The Green Corn Festival Coming up In September 14 2019 @ 1 PM
American Legion Post 40, Plymouth, Massachusetts
199 Federal Furnace Rd, Plymouth, MA 02360 (508) 746-0009
Chappiquiddic Tribe's Bill for State Recognition was Filed with the Massachusetts Senate 2019
On Tuesday November 19 Tribal Chief Linda Morales-Morceau Spoke on Behalf of Senate Bill S-1832
Please call and email your Legislator on behalf of this Tribal Legislation
Upcoming Saturday August 24, 2019
Tribal Meeting 1 PM
Schemitzun August 24 and 25th
May 22, 2019
Tribal Chief Linda will address fellow members of the Captain Joshua Gray and Jonathan Hatch Chapter of the DAR
Northside Methodist Church South Dennis Massachusetts
Tribal Naming Ceremony took place on Sunday July 22, 2018 in Lakeville, Mass
The ceremony was conducted by Tribal Chief Linda Morceau and Second Chief Tom Frederick both medicine in their own right
Those taking names were Steven "Kidbro" Hawksworth Chappiquiddic Tribe and
Travis Harris, Seminole Tribe and Friend of the Chappiquiddic
The participants were congratulated by tribal members in attendance while enjoying Peach's coffee and other refreshments.
July 14, 2013 2:pm
Pot luck to follow at Aptuxet VFW
December 8th 2012
Linda Morales-Morceau, Sachem
Inducted into the Daughters of the American Revolution (DAR) as a member of the
Captain Joshua Gray - Jonathan Hatch Chapter Brewster Massachusetts
Any relative or tribal member wishing to join the DAR or SARfeel free to contact Linda
October 2011 The Chappiquiddic Farm Project
Chief Linda Morales-Morceau met with the land trust in Fairhaven and sercured the use of farmland through the Non-Profit Peaceful Gathering Place.
Chief LInda Morales-Morceau featured speaker at
Highland House Museum Truro - Truro Archaeology: Overview A Hands-On Exhibit
"Linda Morales-Morceau, chief of the Chappiquiddics, agreed with the decision to reject the money, comparing it to trading "beads for Manhattan," while Spring Buffalo said Cape Wind is an inevitability and the money could have been used to help his tribe during a brutal economy. But both said their tribes should have been consulted as fellow Wampanoag who share concerns about their ancestors' burial grounds and other affects of the project.
The Pow Wow List Wandering Bull Pow Wow Schedule
Linda Morales-Morceau, Sachem
Keynote Speaker for Commonwealth of Mass Dept of Transportation
Native American Heritage Day
Excerpts from her talk that day
In 2008 the Chappiquiddic Tribe was invited to participate in the Real Native film project by PBS and WGBH. This was to be a series of independent films produced by Native Americans under the direction of staff at WGBH in Boston. The project was initiated by Sharon Grimsberg in concert with the series “We Shall Remain”. Linda Morales-Morceau, Chief attended a seminar consisting of a series of classes at WGBH in Boston. The Chappiquiddic film was the first to be completed and was presented to a panel of the corporate sponsors as evidence of the quality of the films being produced.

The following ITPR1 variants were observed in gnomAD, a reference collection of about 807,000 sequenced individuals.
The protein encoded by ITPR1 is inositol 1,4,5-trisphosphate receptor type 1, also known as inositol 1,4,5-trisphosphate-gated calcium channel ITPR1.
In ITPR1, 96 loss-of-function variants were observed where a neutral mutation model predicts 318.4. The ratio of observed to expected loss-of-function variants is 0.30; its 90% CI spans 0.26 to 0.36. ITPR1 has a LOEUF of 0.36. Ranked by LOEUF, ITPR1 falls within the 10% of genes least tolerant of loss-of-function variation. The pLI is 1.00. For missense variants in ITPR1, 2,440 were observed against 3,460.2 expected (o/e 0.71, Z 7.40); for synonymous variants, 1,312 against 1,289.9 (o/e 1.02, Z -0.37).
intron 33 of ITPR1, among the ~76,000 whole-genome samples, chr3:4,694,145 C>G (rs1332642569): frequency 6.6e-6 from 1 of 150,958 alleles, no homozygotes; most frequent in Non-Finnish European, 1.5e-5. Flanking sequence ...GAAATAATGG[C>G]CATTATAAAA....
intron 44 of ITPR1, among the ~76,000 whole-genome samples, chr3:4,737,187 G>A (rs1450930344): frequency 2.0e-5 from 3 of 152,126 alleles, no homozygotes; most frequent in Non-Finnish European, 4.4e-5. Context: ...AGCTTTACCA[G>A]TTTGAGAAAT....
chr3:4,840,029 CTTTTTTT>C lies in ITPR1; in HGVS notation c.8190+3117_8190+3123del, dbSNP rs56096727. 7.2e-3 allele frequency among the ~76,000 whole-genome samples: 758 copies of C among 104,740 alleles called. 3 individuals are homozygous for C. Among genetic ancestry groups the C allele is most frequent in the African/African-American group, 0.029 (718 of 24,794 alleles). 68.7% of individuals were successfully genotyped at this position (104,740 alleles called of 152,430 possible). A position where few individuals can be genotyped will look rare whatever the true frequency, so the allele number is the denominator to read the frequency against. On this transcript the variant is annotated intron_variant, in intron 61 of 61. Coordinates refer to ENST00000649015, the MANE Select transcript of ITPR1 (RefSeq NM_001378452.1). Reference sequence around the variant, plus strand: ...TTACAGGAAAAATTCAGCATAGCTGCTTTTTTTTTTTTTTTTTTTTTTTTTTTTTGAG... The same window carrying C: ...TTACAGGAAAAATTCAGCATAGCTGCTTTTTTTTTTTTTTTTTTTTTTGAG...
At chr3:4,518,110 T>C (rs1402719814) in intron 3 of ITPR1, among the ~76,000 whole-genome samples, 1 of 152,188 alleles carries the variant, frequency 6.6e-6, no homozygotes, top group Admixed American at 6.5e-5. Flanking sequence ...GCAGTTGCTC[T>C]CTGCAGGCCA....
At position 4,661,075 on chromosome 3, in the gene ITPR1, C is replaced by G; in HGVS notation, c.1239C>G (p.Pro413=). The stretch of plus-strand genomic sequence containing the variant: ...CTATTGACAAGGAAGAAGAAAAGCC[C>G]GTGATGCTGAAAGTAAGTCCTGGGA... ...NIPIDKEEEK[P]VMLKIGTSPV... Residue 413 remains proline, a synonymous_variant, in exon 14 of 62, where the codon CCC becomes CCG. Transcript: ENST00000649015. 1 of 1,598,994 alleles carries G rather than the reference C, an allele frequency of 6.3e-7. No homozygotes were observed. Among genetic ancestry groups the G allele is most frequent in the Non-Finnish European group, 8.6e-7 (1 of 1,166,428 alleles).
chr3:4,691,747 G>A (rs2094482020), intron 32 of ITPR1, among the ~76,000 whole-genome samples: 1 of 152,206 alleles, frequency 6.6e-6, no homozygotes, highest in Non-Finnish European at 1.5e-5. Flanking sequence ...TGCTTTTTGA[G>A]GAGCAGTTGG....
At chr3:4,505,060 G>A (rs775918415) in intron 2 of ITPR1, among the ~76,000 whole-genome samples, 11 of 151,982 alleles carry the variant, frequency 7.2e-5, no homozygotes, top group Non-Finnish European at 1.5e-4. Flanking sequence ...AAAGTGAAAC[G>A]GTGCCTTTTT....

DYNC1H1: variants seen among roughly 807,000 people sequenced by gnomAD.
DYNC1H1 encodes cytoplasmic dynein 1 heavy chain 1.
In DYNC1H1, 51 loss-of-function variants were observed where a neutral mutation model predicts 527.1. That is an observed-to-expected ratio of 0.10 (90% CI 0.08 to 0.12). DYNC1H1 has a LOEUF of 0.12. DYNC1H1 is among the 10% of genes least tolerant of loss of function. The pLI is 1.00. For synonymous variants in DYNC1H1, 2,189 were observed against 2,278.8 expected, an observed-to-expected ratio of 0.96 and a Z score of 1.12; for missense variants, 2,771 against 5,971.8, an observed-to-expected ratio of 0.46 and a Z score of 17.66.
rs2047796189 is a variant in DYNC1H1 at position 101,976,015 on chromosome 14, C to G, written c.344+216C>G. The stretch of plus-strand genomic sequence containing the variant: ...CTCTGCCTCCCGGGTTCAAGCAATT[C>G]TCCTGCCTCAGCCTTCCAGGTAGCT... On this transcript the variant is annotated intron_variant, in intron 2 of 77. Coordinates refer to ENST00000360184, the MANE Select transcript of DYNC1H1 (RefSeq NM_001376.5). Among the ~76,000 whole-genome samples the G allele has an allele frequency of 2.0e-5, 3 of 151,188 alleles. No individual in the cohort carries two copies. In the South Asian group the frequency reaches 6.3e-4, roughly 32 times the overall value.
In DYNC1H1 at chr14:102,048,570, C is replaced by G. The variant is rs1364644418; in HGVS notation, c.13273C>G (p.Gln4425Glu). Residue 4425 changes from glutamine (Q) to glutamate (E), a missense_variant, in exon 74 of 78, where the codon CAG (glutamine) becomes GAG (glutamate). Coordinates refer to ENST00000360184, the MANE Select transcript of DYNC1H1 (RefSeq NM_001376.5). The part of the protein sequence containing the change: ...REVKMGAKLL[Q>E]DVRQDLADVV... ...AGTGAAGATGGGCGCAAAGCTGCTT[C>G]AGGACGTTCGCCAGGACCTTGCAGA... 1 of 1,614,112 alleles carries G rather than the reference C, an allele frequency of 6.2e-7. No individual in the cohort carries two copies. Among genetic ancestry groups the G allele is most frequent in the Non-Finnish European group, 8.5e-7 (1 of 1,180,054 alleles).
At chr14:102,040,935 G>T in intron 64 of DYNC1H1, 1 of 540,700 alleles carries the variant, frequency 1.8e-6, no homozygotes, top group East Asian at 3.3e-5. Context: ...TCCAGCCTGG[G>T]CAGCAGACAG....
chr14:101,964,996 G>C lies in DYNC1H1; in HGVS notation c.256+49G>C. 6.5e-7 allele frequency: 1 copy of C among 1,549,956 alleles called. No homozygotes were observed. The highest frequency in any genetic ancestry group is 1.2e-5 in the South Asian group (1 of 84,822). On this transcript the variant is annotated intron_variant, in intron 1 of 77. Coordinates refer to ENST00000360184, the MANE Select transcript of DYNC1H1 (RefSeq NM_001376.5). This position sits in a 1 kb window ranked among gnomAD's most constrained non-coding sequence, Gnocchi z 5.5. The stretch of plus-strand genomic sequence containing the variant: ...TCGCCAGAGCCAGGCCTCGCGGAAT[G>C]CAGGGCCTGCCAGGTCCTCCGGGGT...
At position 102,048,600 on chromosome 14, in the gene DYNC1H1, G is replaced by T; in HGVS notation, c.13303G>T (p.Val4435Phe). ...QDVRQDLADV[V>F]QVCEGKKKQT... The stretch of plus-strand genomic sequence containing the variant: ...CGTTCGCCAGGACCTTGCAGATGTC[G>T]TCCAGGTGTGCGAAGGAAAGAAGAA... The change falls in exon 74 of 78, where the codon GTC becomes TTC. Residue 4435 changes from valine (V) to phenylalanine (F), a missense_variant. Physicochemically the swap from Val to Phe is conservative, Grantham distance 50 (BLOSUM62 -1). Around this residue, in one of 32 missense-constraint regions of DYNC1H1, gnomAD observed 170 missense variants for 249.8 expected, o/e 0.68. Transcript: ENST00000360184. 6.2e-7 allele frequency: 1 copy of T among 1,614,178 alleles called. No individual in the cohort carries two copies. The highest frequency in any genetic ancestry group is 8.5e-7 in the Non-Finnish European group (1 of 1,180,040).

The video is still posted on the We Shall Remain Website under the tab ReelNative the link is posted here Reel Native
Naming Social July 7,2007 Pocasset
THE CHAPPIQUIDDIC ANNUAL FALL Social was HELD ON SATURDAY
SEPTEMBER 30TH in POCASSET, MASSACHUSETTS.
Read more: http://www.heraldnews.com/news/x2105861807/The-mystery-of-former-Tiverton-school-sites-history#ixzz2aeJiM9TB
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By ROBIN LORD
ORLEANS - The discovery of American Indian skull fragments at a construction site last week has put the expansion plans of an East Orleans family on hold while state archaeologists and Commission on Indian Affairs officials decide how best to honor the remains.
These American Indians inhabited the land in and around Orleans. A map drawn by French explorer Samuel de Champlain in 1605 shows some of the 20 to 30 Nauset families in a summer camp around what is now Nauset Harbor.
During King Philip's War (1675-76), the Nauset remained loyal to the English during the uprising.
Fish was an integral part of the Nauset diet, and many "shell mounds" have been found in coastal sites in East Orleans.
The last known Nausets to have lived in Orleans died in the 1800s.
Source: "Orleans" by Daniel Lombardo and www.accessgenealogy.com.
Orleans and state police, and a representative of the state medical examiner's office were called to the undisclosed property immediately to determine whether it was a crime scene, Loparto said.
That was quickly ruled out and Loparto was called in to examine the bones. He determined they were American Indian remains due to the coloration and the teeth, he said. The exact age of the bone fragments has not been determined, but native peoples have inhabited Cape Cod for more than 10,000 years, he said.
The remains are probably that of a Nauset Indian, Loparto said. The Nauset were related to the Wampanoag, and were the native peoples who greeted French explorer Samuel de Champlain when he and his party docked in Nauset Harbor in 1605.
''Everything is pretty preliminary,'' Loparto said yesterday, as he walked around the East Orleans neighborhood so he could make a sketch map.
Archaeologists are reluctant to give specific locations when ancient remains are found, Loparto said, because they attract what he called ''pot hunters,'' who look for artifacts. For the same reason, he declined to name the property owners.
Loparto said he will have a report for the historical commission in the next few days.
Under the state's Unmarked Burial Law, if human skeletal remains are accidentally uncovered, all activity must stop and a site evaluation must be made to determine if they are American Indian, said John Peters, executive director of the state Commission on Indian Affairs.